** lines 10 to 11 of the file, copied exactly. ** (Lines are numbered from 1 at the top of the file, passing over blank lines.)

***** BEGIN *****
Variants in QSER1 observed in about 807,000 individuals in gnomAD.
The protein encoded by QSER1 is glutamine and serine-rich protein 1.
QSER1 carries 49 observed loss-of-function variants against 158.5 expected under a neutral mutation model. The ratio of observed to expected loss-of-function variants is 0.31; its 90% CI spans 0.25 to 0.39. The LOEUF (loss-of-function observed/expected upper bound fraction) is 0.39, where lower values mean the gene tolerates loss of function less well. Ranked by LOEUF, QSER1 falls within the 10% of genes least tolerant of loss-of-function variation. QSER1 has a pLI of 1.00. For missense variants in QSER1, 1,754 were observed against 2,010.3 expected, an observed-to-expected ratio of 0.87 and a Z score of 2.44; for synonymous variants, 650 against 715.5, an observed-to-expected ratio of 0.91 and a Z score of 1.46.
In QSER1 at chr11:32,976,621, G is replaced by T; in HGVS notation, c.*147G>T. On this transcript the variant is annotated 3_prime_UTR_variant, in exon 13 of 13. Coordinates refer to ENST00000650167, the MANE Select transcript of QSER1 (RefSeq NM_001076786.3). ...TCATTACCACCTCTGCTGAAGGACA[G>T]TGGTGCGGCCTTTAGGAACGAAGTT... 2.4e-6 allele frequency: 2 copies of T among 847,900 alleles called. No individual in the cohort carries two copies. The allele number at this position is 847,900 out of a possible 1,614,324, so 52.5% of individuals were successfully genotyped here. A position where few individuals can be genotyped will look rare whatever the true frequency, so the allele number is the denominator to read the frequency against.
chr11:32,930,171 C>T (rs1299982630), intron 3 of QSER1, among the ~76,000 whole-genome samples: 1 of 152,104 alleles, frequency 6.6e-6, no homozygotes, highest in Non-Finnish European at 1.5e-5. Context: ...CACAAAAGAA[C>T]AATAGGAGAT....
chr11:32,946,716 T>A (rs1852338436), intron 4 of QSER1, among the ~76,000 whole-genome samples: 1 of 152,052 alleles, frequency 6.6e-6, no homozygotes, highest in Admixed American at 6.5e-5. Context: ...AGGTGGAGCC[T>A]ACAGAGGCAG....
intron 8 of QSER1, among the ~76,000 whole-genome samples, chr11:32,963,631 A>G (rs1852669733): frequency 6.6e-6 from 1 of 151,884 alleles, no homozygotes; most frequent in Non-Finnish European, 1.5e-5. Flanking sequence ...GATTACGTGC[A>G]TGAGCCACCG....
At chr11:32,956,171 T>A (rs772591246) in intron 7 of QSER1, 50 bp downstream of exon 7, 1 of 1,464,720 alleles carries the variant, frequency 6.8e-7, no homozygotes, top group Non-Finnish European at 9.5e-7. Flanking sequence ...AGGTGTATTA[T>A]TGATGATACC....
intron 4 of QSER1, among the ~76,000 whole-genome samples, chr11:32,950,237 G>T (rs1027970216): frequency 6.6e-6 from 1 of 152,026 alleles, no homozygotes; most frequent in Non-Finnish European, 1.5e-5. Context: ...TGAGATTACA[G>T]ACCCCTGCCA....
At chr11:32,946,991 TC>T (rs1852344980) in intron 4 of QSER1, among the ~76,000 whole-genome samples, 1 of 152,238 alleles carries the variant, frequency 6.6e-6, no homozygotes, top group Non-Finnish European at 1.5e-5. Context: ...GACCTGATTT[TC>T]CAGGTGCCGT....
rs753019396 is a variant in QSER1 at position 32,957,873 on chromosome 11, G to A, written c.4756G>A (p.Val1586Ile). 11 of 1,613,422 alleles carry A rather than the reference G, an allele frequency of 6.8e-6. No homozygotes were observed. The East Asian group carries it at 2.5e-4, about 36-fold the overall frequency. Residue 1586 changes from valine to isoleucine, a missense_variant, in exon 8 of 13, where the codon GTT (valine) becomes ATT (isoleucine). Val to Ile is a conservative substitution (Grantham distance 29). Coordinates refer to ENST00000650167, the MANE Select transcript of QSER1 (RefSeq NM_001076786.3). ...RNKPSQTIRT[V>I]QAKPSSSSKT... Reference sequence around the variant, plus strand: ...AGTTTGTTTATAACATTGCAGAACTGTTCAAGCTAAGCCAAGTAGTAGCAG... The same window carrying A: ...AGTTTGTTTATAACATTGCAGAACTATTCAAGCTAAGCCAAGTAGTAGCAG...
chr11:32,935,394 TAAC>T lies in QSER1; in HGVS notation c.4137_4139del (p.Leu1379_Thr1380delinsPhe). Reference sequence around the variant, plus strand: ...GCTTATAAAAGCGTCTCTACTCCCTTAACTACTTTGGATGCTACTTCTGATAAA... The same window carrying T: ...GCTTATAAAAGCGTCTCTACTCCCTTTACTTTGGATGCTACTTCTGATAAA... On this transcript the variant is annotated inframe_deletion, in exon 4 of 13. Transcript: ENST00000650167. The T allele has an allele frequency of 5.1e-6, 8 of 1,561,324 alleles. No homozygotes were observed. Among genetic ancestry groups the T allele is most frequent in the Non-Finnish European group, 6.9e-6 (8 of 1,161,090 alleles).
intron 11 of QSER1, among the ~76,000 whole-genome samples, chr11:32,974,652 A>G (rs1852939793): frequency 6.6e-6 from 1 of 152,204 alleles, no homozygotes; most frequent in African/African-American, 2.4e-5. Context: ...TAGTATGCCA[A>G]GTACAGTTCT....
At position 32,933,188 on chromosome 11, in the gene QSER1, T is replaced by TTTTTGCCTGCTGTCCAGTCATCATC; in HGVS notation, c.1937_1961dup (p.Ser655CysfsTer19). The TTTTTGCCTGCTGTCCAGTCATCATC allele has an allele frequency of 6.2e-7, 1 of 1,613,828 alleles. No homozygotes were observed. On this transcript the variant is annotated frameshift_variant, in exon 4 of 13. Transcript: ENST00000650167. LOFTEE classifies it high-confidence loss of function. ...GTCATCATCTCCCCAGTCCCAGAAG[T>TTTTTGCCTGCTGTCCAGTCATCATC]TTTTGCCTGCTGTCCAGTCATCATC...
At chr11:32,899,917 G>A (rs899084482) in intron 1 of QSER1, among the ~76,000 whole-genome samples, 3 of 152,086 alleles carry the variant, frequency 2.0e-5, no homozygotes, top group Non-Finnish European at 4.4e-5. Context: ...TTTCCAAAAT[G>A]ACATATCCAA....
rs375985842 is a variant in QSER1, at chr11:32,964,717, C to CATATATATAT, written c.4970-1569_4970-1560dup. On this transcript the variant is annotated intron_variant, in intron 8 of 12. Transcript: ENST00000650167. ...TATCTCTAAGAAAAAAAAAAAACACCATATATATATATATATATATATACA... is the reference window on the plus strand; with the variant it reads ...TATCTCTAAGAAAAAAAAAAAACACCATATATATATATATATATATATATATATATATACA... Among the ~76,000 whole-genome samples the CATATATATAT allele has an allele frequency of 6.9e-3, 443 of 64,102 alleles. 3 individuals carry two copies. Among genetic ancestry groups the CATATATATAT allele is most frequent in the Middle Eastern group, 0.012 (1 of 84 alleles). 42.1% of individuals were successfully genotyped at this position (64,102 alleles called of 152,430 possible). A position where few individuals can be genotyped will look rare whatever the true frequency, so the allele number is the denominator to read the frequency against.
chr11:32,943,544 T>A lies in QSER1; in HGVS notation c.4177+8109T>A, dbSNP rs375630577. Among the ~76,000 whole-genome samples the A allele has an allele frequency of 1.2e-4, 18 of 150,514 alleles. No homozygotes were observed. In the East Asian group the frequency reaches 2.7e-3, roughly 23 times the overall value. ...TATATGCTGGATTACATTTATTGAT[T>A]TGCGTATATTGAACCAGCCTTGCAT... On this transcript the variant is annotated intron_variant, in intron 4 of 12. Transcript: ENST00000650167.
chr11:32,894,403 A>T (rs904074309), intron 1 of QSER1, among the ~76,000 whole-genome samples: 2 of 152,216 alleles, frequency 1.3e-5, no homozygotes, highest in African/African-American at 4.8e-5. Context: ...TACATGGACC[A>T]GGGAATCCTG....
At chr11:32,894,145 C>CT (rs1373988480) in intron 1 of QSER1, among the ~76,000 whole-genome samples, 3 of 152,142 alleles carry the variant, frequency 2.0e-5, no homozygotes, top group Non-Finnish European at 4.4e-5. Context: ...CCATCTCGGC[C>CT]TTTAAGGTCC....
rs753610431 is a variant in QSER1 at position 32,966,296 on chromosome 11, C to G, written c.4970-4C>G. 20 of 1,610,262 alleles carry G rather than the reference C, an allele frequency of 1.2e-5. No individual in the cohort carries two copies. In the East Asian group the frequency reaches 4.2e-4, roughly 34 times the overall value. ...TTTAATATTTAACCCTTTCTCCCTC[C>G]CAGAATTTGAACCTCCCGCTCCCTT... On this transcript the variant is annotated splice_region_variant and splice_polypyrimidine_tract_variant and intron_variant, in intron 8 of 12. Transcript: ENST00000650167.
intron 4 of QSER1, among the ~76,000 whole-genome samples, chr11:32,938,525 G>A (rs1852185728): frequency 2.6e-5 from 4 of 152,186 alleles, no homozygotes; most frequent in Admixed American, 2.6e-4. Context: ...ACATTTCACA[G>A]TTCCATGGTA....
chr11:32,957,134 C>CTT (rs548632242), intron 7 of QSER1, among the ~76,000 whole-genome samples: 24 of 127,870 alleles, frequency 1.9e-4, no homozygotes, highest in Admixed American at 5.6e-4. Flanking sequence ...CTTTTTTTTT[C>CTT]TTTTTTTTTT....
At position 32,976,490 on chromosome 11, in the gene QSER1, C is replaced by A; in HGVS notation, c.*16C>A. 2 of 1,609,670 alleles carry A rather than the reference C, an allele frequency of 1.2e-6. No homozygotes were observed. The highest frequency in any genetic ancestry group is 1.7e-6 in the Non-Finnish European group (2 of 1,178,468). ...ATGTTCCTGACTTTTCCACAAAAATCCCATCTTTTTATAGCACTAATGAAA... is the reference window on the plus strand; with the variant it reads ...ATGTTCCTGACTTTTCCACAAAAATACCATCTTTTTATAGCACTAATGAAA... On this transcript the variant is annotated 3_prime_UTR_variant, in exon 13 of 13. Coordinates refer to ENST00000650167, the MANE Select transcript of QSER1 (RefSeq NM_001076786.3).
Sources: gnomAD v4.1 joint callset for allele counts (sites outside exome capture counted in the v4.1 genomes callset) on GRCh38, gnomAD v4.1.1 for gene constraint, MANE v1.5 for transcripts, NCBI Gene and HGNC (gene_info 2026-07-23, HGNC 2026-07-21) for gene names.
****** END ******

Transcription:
At chr11:32,946,991 TC>T (rs1852344980) in intron 4 of QSER1, among the ~76,000 whole-genome samples, 1 of 152,238 alleles carries the variant, frequency 6.6e-6, no homozygotes, top group Non-Finnish European at 1.5e-5. Context: ...GACCTGATTT[TC>T]CAGGTGCCGT....
rs753019396 is a variant in QSER1 at position 32,957,873 on chromosome 11, G to A, written c.4756G>A (p.Val1586Ile). 11 of 1,613,422 alleles carry A rather than the reference G, an allele frequency of 6.8e-6. No homozygotes were observed. The East Asian group carries it at 2.5e-4, about 36-fold the overall frequency. Residue 1586 changes from valine to isoleucine, a missense_variant, in exon 8 of 13, where the codon GTT (valine) becomes ATT (isoleucine). Val to Ile is a conservative substitution (Grantham distance 29). Coordinates refer to ENST00000650167, the MANE Select transcript of QSER1 (RefSeq NM_001076786.3). ...RNKPSQTIRT[V>I]QAKPSSSSKT... Reference sequence around the variant, plus strand: ...AGTTTGTTTATAACATTGCAGAACTGTTCAAGCTAAGCCAAGTAGTAGCAG... The same window carrying A: ...AGTTTGTTTATAACATTGCAGAACTATTCAAGCTAAGCCAAGTAGTAGCAG...